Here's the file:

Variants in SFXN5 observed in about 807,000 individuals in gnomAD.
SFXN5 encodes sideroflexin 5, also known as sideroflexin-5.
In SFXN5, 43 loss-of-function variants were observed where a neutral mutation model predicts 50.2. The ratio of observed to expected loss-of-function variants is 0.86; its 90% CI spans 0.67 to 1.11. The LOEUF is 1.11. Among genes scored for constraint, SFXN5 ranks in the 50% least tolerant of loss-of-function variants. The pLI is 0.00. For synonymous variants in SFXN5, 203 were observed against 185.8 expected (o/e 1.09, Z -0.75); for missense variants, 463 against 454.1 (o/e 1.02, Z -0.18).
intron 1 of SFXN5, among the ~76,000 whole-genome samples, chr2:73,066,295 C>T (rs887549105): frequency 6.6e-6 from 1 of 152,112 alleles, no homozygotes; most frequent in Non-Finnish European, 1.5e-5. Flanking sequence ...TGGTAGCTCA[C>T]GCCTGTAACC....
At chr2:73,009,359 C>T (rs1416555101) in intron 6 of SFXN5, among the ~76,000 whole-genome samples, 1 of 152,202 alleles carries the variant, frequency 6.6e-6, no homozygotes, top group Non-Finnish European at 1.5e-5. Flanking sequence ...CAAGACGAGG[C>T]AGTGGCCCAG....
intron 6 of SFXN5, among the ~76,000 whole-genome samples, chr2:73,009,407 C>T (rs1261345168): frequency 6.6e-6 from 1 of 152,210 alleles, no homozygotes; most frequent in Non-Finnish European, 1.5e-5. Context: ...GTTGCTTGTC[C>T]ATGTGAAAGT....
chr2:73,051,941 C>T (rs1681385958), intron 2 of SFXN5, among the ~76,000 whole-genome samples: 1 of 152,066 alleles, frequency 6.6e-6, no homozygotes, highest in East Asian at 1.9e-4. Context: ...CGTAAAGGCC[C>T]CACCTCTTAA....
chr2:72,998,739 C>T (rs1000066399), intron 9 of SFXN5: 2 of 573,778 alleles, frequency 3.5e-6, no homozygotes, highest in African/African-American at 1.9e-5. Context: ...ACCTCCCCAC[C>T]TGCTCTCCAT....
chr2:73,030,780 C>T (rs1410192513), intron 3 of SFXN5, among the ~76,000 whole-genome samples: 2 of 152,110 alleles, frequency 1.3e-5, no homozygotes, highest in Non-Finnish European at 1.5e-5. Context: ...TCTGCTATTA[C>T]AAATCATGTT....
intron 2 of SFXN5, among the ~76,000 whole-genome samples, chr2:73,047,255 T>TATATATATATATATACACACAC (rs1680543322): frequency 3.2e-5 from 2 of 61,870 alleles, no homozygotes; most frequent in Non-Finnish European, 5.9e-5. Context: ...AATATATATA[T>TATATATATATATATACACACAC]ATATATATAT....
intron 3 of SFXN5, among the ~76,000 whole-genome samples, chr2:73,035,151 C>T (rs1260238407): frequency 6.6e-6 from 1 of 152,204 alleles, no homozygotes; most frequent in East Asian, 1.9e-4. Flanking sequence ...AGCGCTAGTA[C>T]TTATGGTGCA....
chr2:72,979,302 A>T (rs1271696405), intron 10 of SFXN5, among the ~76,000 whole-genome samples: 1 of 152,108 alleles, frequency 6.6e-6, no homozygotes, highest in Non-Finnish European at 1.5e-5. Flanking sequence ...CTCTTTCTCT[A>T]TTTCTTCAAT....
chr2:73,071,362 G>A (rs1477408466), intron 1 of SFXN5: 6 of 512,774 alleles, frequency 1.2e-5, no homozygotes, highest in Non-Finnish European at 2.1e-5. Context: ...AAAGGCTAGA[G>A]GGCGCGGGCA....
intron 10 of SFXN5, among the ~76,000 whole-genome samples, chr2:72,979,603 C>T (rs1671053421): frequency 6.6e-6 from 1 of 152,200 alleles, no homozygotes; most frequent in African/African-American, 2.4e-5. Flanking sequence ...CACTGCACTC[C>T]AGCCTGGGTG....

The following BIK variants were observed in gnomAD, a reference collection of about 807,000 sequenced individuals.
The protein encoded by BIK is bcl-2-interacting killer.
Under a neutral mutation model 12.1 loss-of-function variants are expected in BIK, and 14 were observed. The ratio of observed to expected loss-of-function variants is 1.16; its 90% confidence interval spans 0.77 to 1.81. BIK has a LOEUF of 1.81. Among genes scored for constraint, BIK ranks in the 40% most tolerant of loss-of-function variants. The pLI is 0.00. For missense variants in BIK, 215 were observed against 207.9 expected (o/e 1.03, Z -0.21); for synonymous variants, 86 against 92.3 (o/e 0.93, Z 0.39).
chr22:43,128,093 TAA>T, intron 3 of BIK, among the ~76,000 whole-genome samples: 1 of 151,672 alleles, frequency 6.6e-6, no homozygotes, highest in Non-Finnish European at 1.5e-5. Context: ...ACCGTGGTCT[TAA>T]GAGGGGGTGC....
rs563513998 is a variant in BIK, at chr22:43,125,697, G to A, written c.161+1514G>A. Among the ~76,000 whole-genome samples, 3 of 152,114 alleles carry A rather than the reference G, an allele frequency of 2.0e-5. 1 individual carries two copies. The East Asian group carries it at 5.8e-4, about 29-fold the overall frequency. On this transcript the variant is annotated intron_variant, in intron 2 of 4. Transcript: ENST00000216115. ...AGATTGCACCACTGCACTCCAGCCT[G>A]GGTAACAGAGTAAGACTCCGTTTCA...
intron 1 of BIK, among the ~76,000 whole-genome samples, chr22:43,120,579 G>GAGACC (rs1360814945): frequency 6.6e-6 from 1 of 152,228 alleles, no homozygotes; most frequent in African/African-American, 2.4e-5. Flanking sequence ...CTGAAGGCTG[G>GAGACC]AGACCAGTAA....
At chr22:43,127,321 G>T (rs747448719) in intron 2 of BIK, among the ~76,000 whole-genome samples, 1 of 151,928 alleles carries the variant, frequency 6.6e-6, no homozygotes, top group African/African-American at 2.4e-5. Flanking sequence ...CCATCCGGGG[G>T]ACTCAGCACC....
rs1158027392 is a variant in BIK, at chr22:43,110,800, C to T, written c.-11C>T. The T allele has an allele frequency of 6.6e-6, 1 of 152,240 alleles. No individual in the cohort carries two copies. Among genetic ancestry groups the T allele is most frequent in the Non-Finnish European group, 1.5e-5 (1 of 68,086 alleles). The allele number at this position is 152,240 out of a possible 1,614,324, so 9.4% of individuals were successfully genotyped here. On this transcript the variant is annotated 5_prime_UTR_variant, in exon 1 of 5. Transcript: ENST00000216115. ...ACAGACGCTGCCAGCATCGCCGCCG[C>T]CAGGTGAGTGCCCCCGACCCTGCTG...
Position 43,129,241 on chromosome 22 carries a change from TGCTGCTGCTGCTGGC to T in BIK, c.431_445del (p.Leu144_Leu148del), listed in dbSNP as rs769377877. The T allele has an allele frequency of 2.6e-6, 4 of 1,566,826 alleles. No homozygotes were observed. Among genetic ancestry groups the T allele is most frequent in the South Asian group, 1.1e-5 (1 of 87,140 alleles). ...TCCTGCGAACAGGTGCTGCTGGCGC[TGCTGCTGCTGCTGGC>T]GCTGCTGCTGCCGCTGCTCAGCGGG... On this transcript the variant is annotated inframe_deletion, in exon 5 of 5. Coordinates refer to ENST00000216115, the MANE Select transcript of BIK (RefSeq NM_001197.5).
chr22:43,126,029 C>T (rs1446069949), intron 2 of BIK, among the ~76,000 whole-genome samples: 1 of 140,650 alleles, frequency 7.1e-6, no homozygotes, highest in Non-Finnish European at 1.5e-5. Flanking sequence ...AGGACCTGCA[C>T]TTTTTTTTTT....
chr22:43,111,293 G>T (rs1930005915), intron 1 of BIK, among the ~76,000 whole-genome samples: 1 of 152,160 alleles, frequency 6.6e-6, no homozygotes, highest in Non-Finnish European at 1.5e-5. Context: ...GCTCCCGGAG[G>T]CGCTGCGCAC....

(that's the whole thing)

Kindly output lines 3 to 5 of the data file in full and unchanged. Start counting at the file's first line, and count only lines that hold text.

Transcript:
In SFXN5, 43 loss-of-function variants were observed where a neutral mutation model predicts 50.2. The ratio of observed to expected loss-of-function variants is 0.86; its 90% CI spans 0.67 to 1.11. The LOEUF is 1.11. Among genes scored for constraint, SFXN5 ranks in the 50% least tolerant of loss-of-function variants. The pLI is 0.00. For synonymous variants in SFXN5, 203 were observed against 185.8 expected (o/e 1.09, Z -0.75); for missense variants, 463 against 454.1 (o/e 1.02, Z -0.18).
intron 1 of SFXN5, among the ~76,000 whole-genome samples, chr2:73,066,295 C>T (rs887549105): frequency 6.6e-6 from 1 of 152,112 alleles, no homozygotes; most frequent in Non-Finnish European, 1.5e-5. Flanking sequence ...TGGTAGCTCA[C>T]GCCTGTAACC....
At chr2:73,009,359 C>T (rs1416555101) in intron 6 of SFXN5, among the ~76,000 whole-genome samples, 1 of 152,202 alleles carries the variant, frequency 6.6e-6, no homozygotes, top group Non-Finnish European at 1.5e-5. Flanking sequence ...CAAGACGAGG[C>T]AGTGGCCCAG....